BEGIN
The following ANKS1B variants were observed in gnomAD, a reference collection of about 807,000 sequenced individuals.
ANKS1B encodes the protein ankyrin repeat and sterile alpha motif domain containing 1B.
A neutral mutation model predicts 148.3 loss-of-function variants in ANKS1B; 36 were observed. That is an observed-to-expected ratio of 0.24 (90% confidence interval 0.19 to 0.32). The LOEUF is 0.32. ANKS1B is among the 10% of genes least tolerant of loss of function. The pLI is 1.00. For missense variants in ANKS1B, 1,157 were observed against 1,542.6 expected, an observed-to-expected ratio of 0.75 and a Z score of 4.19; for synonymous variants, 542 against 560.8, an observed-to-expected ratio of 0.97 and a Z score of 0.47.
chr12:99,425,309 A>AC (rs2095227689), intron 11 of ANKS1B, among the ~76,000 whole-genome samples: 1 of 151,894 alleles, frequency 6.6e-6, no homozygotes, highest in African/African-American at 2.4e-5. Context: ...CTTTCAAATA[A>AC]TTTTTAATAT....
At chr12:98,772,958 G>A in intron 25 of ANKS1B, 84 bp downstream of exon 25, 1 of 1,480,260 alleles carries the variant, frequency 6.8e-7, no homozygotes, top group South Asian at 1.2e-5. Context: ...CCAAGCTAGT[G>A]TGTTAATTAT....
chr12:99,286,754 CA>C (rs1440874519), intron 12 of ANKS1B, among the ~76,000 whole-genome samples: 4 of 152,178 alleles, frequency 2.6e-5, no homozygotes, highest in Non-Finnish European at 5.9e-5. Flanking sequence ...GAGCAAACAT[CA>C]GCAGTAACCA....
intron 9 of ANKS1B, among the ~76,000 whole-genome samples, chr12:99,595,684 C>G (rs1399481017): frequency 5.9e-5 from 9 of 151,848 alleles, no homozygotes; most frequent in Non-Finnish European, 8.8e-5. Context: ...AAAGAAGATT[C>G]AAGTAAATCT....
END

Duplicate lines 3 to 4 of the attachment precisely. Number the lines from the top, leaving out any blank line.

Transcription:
A neutral mutation model predicts 148.3 loss-of-function variants in ANKS1B; 36 were observed. That is an observed-to-expected ratio of 0.24 (90% confidence interval 0.19 to 0.32). The LOEUF is 0.32. ANKS1B is among the 10% of genes least tolerant of loss of function. The pLI is 1.00. For missense variants in ANKS1B, 1,157 were observed against 1,542.6 expected, an observed-to-expected ratio of 0.75 and a Z score of 4.19; for synonymous variants, 542 against 560.8, an observed-to-expected ratio of 0.97 and a Z score of 0.47.
chr12:99,425,309 A>AC (rs2095227689), intron 11 of ANKS1B, among the ~76,000 whole-genome samples: 1 of 151,894 alleles, frequency 6.6e-6, no homozygotes, highest in African/African-American at 2.4e-5. Context: ...CTTTCAAATA[A>AC]TTTTTAATAT....